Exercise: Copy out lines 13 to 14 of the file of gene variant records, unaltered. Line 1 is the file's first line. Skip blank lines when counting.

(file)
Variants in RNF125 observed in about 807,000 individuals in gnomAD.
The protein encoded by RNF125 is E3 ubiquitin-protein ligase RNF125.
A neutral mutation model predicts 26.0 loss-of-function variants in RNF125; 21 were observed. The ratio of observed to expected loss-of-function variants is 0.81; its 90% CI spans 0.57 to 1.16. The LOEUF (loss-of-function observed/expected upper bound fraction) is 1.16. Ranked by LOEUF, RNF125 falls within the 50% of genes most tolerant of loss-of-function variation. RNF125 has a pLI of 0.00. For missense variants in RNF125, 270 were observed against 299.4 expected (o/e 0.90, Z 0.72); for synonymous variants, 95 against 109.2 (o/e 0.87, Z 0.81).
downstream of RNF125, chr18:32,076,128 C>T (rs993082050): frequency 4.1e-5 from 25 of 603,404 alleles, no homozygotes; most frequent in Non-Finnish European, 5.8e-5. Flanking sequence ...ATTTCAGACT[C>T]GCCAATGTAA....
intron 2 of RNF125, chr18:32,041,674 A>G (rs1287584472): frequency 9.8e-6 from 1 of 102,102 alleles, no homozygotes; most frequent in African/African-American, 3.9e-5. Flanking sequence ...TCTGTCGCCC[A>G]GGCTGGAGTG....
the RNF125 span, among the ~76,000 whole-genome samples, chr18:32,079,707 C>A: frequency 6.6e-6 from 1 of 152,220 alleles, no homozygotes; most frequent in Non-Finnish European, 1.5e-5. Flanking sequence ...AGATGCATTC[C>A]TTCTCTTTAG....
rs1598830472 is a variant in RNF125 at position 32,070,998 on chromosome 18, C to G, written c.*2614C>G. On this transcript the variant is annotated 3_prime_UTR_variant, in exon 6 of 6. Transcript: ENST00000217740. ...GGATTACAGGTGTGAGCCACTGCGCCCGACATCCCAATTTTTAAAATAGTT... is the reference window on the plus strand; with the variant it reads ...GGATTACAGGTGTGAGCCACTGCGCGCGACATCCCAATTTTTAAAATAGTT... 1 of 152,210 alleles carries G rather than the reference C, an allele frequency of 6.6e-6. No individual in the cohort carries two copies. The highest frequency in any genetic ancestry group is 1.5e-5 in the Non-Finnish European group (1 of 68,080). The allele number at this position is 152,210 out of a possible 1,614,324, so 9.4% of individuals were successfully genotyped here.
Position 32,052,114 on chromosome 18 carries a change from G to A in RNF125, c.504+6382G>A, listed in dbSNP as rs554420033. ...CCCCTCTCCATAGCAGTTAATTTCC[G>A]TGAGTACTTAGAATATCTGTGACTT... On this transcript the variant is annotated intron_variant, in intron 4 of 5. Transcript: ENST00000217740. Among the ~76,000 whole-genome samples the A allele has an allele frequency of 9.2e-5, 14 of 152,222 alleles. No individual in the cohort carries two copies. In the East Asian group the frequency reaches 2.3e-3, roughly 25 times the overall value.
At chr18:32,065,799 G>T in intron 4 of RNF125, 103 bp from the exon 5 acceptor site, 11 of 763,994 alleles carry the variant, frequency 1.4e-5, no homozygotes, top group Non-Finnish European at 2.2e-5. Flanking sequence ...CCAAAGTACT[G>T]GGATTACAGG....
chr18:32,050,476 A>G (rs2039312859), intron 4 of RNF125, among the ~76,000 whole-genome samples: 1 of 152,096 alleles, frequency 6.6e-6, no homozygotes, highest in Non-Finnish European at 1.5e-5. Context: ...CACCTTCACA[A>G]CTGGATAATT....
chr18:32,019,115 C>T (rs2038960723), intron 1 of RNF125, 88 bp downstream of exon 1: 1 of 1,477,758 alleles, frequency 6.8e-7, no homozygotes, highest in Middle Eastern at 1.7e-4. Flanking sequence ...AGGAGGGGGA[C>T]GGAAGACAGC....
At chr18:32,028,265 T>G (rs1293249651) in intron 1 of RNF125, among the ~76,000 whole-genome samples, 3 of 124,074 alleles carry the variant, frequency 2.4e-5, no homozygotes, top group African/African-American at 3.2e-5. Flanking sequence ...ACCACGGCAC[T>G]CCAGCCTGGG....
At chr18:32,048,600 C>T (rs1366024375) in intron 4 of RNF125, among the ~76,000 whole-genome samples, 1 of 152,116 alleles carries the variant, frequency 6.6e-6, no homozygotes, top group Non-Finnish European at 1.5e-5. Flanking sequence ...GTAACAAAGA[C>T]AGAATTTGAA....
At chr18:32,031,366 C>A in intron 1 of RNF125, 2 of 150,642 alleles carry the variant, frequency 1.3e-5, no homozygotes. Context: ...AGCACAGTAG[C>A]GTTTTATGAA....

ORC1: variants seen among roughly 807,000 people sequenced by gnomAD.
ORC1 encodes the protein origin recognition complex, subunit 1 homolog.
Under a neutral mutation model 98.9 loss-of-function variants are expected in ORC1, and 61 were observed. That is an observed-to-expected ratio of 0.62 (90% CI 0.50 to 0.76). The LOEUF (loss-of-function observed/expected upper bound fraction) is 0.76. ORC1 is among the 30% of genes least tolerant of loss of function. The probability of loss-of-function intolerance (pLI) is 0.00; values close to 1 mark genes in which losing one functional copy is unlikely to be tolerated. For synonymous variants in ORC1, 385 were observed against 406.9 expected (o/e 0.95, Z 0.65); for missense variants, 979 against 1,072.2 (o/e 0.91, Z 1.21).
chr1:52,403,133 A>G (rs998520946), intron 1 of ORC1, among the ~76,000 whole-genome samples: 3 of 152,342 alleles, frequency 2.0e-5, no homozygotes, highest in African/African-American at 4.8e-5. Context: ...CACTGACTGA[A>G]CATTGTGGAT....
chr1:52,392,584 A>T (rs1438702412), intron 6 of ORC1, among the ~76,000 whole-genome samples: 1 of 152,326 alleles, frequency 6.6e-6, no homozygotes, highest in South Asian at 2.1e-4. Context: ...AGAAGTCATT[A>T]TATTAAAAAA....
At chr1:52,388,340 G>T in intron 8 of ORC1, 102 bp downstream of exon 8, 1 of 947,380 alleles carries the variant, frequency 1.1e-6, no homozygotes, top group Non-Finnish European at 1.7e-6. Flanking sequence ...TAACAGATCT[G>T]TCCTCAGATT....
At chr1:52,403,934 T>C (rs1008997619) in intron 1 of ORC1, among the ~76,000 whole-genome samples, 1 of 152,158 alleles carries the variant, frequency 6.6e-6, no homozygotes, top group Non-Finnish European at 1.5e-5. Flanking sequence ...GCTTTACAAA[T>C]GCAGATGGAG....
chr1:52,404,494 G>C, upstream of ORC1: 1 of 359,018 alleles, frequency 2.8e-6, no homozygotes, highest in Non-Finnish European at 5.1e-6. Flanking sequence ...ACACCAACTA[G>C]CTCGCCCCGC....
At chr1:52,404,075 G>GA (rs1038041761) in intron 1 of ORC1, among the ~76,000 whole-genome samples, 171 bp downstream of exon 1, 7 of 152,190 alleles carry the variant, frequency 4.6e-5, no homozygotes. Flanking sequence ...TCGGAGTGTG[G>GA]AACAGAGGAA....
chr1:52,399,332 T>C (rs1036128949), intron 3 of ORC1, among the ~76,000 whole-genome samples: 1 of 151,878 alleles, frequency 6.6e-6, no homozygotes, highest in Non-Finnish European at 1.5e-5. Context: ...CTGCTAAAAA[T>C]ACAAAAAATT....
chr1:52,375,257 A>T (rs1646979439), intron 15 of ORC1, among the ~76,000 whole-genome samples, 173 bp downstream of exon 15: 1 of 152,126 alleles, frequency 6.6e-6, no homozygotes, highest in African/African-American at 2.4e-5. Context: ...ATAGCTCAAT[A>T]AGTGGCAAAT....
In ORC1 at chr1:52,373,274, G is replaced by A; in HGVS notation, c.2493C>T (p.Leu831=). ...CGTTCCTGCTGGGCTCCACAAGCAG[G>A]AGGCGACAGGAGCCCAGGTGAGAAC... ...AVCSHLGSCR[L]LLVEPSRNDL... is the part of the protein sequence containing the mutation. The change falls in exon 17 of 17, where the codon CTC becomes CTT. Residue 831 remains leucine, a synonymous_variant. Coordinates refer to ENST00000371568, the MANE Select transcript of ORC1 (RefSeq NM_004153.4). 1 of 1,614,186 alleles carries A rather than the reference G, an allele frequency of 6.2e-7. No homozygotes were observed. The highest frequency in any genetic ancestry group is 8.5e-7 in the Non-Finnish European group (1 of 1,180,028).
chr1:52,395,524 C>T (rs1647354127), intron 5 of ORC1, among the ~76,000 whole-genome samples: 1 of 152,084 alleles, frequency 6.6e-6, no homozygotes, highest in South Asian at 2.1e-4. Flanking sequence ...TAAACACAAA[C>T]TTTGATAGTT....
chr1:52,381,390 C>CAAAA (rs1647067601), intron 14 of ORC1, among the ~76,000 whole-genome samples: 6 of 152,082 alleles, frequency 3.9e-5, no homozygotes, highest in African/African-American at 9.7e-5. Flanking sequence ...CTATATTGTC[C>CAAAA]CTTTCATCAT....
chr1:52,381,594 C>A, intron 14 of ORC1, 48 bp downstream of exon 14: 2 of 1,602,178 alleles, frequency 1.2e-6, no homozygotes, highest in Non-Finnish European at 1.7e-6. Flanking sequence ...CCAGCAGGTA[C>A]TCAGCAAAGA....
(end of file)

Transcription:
At chr18:32,048,600 C>T (rs1366024375) in intron 4 of RNF125, among the ~76,000 whole-genome samples, 1 of 152,116 alleles carries the variant, frequency 6.6e-6, no homozygotes, top group Non-Finnish European at 1.5e-5. Flanking sequence ...GTAACAAAGA[C>T]AGAATTTGAA....
At chr18:32,031,366 C>A in intron 1 of RNF125, 2 of 150,642 alleles carry the variant, frequency 1.3e-5, no homozygotes. Context: ...AGCACAGTAG[C>A]GTTTTATGAA....